One of the first-generation immigrants who has noticed the generational changes is Mike, 40. He has two children, Eddy (Zorig, in Mongolian), who is fifteen years old, and Cindy (Nyamkhuu), who is ten. Both children were born in Mongolia, and emigrated with their parents ten years ago, when they were very young; thus they are part of the 1.5 generation of Los Angeles Mongolians.
One of the ways in which the two generations differ is their facility with English. Both Cindy and Eddy speak English fluently, while Mike struggles. And, though both children understand Mongolian when it is spoken to them, only Eddy is able to speak it. (Cindy was too young when she left Mongolia to have learned the language.) In fact, Eddy acts as a linguistic bridge between the first-generation Mongolians and the English-speaking world around them. At home, he speaks a mix of Mongolian and English – most Mongolian families speak only Mongolian within the home – and often translates English words for his family. At school and with friends, though, both children speak only English.
While Eddy used to come to the Mongolian School regularly when he was younger, he no longer attends. Cindy, however, comes every Saturday.
One of the school’s primary functions, it seems, is to teach chess. Maya is the chess teacher, and she tells me that chess is a national Mongolian pastime. Everyone in Mongolia knows how to play; she herself was taught by her father. Apparently she has learned well, because she has earned the rank of Woman FIDE Master from the World Chess Federation.
The room where I sit seems almost like a private chess sanctuary. Like the queen on a chessboard, Maya rules this space. Stacks of chess books lie on a table by the stairs; photos of students at chess competitions (holding trophies) have been placed on walls; a teaching chess set meant to hang vertically – the pieces are magnetic – hangs on another wall. Here, chess is not just an intellectual enterprise. It is a vital connection to a home across the ocean.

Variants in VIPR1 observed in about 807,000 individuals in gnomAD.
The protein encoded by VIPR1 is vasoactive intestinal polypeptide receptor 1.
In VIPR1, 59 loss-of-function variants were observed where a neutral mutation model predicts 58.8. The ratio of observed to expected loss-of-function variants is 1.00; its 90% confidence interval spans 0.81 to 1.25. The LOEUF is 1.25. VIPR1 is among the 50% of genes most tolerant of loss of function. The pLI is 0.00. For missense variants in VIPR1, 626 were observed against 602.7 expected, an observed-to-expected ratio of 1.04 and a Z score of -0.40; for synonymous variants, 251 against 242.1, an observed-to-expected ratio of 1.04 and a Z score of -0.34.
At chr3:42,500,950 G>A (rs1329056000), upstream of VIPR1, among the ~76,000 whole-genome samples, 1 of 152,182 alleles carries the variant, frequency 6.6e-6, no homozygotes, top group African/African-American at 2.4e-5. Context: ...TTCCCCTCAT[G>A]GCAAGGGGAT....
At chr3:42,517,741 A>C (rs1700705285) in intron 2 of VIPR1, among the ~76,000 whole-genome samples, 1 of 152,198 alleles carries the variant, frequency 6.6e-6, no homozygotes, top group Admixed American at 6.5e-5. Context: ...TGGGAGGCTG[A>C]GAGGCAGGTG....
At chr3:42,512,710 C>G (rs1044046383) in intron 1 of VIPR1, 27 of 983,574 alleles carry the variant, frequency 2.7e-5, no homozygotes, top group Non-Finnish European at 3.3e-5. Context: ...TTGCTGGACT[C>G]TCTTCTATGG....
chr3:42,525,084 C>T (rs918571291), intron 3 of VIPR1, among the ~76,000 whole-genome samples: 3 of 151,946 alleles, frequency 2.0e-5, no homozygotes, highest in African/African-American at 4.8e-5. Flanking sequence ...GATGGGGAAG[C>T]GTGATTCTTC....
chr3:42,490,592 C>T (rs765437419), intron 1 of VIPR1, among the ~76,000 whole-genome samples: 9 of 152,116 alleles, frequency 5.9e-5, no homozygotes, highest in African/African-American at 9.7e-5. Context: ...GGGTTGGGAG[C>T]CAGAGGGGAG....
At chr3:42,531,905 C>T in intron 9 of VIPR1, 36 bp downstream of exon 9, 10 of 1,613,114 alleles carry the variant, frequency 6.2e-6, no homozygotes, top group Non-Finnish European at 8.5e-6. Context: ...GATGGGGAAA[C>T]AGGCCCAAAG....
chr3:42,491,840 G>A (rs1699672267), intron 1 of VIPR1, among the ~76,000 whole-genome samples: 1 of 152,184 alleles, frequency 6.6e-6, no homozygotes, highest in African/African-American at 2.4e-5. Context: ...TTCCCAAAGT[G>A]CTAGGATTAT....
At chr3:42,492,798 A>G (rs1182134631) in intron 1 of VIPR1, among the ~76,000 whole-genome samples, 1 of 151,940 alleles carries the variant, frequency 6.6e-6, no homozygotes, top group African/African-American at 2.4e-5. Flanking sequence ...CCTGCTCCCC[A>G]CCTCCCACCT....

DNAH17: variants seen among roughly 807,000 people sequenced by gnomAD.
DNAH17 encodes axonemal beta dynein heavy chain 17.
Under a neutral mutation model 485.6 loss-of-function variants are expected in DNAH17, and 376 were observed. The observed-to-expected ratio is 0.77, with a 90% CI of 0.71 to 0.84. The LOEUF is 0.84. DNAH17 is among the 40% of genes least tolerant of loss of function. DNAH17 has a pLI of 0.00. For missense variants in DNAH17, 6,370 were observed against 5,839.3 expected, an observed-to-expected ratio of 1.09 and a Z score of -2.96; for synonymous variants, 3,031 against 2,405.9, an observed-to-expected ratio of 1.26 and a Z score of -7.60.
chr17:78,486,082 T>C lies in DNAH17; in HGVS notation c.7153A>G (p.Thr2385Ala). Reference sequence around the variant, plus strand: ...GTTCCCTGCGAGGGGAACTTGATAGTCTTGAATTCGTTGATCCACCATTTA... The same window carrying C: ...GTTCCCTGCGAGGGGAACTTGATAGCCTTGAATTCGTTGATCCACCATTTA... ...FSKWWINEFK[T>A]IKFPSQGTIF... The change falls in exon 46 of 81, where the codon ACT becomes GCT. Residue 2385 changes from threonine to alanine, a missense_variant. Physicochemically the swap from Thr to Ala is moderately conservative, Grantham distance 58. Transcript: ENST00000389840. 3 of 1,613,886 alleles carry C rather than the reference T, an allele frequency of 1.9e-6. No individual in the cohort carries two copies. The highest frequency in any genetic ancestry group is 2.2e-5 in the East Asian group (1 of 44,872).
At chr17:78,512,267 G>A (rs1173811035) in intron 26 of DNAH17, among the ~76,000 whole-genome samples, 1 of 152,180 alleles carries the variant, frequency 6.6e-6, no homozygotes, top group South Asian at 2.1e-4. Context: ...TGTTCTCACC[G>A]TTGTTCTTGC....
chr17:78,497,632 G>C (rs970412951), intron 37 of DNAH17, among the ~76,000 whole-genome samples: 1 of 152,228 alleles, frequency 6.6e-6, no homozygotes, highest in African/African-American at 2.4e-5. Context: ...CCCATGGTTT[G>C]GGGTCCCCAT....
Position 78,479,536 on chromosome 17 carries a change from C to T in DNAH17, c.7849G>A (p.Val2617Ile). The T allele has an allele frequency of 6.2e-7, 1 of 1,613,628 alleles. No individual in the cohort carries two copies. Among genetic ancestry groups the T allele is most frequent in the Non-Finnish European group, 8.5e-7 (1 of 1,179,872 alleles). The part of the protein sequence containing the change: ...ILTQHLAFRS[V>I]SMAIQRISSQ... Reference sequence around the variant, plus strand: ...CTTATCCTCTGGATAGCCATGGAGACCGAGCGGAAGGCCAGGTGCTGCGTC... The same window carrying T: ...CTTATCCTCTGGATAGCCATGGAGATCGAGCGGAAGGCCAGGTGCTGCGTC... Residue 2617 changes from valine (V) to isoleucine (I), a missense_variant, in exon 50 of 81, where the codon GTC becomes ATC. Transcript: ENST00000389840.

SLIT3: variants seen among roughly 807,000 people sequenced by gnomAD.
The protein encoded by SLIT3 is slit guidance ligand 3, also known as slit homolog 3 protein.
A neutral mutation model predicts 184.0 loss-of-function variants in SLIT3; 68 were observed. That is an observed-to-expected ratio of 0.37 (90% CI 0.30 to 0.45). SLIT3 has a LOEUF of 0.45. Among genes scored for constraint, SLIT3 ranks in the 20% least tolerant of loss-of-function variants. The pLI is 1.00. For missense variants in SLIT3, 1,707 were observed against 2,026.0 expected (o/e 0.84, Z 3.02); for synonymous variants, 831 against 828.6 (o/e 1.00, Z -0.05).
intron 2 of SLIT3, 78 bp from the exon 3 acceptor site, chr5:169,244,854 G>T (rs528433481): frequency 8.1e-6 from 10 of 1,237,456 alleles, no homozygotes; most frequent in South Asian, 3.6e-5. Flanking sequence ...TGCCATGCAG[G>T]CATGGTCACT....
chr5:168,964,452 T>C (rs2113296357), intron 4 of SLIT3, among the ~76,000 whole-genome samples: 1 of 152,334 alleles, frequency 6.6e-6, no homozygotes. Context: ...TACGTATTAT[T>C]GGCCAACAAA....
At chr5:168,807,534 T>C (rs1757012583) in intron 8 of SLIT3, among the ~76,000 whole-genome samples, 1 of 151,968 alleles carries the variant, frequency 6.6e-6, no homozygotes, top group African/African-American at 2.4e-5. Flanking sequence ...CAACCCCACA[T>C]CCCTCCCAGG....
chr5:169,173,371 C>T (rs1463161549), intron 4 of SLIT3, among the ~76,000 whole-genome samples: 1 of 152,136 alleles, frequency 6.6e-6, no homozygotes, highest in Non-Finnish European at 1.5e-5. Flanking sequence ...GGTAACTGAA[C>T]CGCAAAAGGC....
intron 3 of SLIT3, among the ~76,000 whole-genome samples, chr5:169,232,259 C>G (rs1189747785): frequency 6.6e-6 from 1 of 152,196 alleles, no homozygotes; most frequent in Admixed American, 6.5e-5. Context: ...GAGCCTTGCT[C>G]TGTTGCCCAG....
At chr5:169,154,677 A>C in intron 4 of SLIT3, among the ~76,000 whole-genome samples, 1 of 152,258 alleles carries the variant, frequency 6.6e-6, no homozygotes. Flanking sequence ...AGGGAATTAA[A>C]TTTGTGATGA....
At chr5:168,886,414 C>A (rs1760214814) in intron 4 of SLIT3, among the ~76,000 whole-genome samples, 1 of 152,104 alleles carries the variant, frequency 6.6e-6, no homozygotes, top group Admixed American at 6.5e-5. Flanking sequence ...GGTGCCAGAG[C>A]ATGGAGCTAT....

In general, the Mongolian community in Los Angeles is not settled. Immigrants regularly leave Koreatown for the suburbs of Chicago, where housing is more affordable. (Maya says, with astonishment in her voice, that a family can rent a one-bedroom apartment outside of Chicago for $700 per month.) The Mongolian School itself, too, is not settled. Though it was founded in 2007, it has had two directors. The current director funds the entire school by himself, though the school is searching for grant money to help with expenses. Maya says that, because of financial trouble, the school almost shut down in September of 2010, but somehow they found enough to continue.
Moreover, their landlord, the Buddhist temple, just sent them an eviction notice, requiring them to vacate the premises by May 2011. Maya plans to talk to a lawyer in a few days. And, she knows Zoljargal, a local Mongolian lawyer who has trained both in Germany and the United States. Zoljargal regularly assists Los Angeles Mongolian immigrants with legal matters; she might be able to help now. Meanwhile, Zula Damdin, the head of the Los Angeles Mongolian Association, is searching for a house that the community can buy, so they will have more space and no longer risk eviction.
Slowly but surely, the Los Angeles Mongolians, like many other immigrant communities, have begun extending their roots into the Southern California soil.